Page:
Home: Issue 1 2008 › Lead Story › SUPPLY SUCCESS
18/02/2008 | Channel:
Technology, Logistics / Packaging, E-Business / IT, Retail, Business, Manufacturing, Aerospace, Automotive, Engineering, Shipping
IN SEPTEMBER,THE BIGGEST PURCHASING & SUPPLY MANAGEMENT AWARDS EVER WERE HELD IN LONDON. LEE JONES LOOKS AT SOME OF THE HIGHLIGHTS OF THE EVENT
Over the last decade companies across the world have come to realise the importance of their supply chains, and the benefits that can be gained from focusing on this area of their operations.
For evidence of this change in philosophy, you need look no further than the annual CIPS Supply Management Awards. Showcasing the best that the UK has to offer in the field, this event brings together many of the country's leading supply chain professionals and promotes industry best practice.
This year the awards ceremony was bigger and better than ever, with around 1200 people in attendance and a record number of entrants.Held at the Grosvenor House Hotel, Park Lane on 20 September, the evening saw awards given out in 13 categories ranging from 'Best Use of Technology' through to 'Best People Development Initiative.'
As chair of the CIPS Supply Management Awards judging panel and now president of the Chartered Institute of Purchasing & Supply (CIPS), Ron Jarman is the ideal person to tell ESCM more about the event.
Reflecting on the evening, he comments: “I think the awards went very well. I was last a judge four or five years ago and there was a really strong shortlist then, but I would say that this time around the shortlist was equally as strong but even more competitive. In terms of the evening itself, it was the first year at the Grosvenor and we filled that venue - we believe that 1200 people makes it the biggest awards nights for our profession anywhere.”
The range of organisations that were recognised also impressed Ron. “There were a great variety of companies, from quite small enterprises like Wiltshire Schools Buying Community through to Fujitsu Services,” he comments. “So I thought that was really great, not just in terms of the size of the companies who entered, but the variety of examples we saw, from large organisations to small charities.Overall I thought it was an exceptionally strong year.”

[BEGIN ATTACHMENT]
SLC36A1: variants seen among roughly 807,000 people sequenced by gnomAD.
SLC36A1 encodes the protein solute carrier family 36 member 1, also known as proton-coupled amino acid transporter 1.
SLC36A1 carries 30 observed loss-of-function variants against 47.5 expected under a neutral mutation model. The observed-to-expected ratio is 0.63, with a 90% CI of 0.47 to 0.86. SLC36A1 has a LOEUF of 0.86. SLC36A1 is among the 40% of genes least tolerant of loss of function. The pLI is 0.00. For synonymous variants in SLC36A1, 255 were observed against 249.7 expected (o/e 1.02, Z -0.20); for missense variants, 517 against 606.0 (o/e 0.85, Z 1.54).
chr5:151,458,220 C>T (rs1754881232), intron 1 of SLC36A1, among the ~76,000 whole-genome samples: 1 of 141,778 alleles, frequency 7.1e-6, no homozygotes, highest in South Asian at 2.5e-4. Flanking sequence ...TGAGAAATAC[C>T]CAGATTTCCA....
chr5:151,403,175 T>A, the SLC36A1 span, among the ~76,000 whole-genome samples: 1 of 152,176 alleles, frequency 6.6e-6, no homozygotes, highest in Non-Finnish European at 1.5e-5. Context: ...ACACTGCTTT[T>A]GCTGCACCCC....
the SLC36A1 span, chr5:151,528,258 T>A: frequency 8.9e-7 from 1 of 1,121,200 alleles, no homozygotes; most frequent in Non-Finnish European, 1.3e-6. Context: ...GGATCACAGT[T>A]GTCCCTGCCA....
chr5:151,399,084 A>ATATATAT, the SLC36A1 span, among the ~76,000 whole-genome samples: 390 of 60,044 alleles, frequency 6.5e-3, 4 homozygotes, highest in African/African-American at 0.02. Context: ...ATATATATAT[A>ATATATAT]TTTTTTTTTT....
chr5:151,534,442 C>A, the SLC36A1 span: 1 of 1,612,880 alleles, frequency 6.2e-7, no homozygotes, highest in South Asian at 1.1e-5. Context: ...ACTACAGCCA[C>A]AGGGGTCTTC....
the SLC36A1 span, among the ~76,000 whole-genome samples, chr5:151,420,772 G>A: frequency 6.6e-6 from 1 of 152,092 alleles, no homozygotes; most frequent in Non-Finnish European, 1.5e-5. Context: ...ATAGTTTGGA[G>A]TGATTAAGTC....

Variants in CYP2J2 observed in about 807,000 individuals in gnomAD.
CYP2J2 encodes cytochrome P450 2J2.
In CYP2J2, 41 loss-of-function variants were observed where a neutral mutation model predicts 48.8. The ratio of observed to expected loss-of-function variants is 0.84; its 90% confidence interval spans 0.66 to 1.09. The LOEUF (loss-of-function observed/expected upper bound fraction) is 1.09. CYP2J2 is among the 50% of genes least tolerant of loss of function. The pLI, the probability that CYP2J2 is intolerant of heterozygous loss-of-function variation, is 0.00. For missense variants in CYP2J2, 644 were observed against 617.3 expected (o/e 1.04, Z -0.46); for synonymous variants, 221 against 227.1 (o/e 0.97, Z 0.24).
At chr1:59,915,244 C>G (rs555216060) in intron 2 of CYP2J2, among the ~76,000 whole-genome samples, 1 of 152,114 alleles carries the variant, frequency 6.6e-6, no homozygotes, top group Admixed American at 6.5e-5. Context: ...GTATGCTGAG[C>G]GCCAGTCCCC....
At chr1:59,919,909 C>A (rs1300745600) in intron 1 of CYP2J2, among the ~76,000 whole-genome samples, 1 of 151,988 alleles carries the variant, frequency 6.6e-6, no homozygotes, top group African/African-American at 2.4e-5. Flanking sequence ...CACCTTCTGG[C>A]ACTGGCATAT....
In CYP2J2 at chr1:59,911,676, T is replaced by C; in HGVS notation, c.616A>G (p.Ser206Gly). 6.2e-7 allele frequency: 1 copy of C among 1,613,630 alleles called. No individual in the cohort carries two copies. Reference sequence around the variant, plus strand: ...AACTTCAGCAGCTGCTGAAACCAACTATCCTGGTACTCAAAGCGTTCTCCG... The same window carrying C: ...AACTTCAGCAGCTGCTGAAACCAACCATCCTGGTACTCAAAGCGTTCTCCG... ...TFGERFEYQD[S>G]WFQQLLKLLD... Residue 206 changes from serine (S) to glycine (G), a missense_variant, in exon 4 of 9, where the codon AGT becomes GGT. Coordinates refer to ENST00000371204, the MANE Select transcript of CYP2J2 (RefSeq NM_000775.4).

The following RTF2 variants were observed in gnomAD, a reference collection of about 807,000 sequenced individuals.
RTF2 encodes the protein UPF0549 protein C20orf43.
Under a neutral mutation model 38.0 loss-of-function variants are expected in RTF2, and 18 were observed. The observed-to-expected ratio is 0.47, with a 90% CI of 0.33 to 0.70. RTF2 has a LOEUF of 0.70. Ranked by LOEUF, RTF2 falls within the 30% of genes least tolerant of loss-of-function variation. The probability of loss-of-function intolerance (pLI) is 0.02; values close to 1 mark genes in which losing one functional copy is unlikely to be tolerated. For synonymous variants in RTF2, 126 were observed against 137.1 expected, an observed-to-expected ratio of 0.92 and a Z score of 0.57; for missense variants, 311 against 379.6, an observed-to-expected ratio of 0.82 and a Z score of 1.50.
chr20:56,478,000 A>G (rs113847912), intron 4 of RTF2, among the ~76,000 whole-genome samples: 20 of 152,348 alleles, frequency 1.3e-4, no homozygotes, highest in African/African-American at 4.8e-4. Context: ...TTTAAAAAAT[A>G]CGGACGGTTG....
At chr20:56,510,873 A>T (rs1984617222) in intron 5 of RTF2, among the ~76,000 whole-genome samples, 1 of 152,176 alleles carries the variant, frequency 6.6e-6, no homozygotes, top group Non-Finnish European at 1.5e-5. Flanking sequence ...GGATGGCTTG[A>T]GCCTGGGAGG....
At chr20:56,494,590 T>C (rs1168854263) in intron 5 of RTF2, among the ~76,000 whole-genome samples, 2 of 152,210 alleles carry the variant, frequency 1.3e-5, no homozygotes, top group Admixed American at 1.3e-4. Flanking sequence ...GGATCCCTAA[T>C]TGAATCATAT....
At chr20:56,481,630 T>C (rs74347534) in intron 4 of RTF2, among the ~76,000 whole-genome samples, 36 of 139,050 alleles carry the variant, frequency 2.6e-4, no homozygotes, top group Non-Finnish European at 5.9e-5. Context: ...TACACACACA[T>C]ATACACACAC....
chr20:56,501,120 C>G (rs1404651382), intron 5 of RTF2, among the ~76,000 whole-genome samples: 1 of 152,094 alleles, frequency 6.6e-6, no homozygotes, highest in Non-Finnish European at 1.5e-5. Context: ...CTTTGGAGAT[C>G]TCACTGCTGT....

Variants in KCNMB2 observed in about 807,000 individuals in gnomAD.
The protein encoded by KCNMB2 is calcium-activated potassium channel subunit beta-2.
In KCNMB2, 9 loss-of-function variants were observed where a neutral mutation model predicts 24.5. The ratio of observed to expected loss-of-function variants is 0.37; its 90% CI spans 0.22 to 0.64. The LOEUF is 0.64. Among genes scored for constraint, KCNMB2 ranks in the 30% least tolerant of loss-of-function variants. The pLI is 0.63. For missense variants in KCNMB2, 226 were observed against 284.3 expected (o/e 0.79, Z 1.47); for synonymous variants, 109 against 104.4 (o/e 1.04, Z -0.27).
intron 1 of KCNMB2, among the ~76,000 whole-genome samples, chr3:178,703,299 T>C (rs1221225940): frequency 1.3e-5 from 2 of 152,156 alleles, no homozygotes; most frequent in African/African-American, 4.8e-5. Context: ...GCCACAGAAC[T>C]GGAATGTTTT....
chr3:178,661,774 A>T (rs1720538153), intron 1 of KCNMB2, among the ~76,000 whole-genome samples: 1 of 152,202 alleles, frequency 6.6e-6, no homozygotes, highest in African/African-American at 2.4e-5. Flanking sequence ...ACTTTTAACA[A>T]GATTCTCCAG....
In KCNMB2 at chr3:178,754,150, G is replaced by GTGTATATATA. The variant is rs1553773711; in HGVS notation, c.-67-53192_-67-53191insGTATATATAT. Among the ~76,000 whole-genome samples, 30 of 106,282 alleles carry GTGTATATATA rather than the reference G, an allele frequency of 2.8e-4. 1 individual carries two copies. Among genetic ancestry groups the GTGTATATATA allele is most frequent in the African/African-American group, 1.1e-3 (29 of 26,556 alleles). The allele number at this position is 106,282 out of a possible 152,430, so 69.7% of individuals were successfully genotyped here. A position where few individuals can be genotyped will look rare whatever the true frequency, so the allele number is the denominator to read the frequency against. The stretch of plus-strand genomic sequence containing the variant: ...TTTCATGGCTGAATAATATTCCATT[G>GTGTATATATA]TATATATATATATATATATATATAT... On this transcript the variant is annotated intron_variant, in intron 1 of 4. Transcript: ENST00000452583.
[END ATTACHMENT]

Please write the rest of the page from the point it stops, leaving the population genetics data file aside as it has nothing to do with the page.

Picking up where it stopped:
As a result of the sheer scope and scale of the entries this year, the judging process was understandably difficult. “It was extremely challenging for myself and the other judges to decide on the winners in each category,” confirms Ron. “It is always a very thorough and robust judging process, which isobviously a very important aspect of the awards - their integrity.
“So there was a lot of debate at the judges meetings, but one of the qualities that we were blessed with this year was the mixture of people on the panel. For example, we had Matt Oxley who won the Overall Award last year with Nuffield Hospital, and we had David Pritchard from HSBC who has won many awards. So in the judging panel there were lots of previous winners with a great deal of experience between them.”
The judging process began back in May 2007 when the judges were given entries to mark using a predetermined scoring system. Each entrant was marked in this way by three judges before a shortlisting process followed for each category.All shortlisted entries were subsequently considered by each judge, who after some debate, then decided the award winners in each section.
“There were some very long days for us deciding the shortlist, and particularly to decide the winners from that and the overall winner - it was a good and long debate to come up with a set of winners that we were all proud of,” adds Ron.
Although all the winners and shortlisted companies deserve recognition, there were a number of highlights from the CIPS Supply Management Awards that stand out for particular mention.
Firstly, having already won the 'Best People Development Initiative' category, E.ON UK was then also recognised as the Overall Winner of the 2007 event. Ron explains what set the company apart from its rivals: “I suspect all the judges will have slightly different views, but for me it was the breadth and depth of what they were doing. It's great that a people development award, something around developing talent, won overall, because I think that's a really important area for our discipline.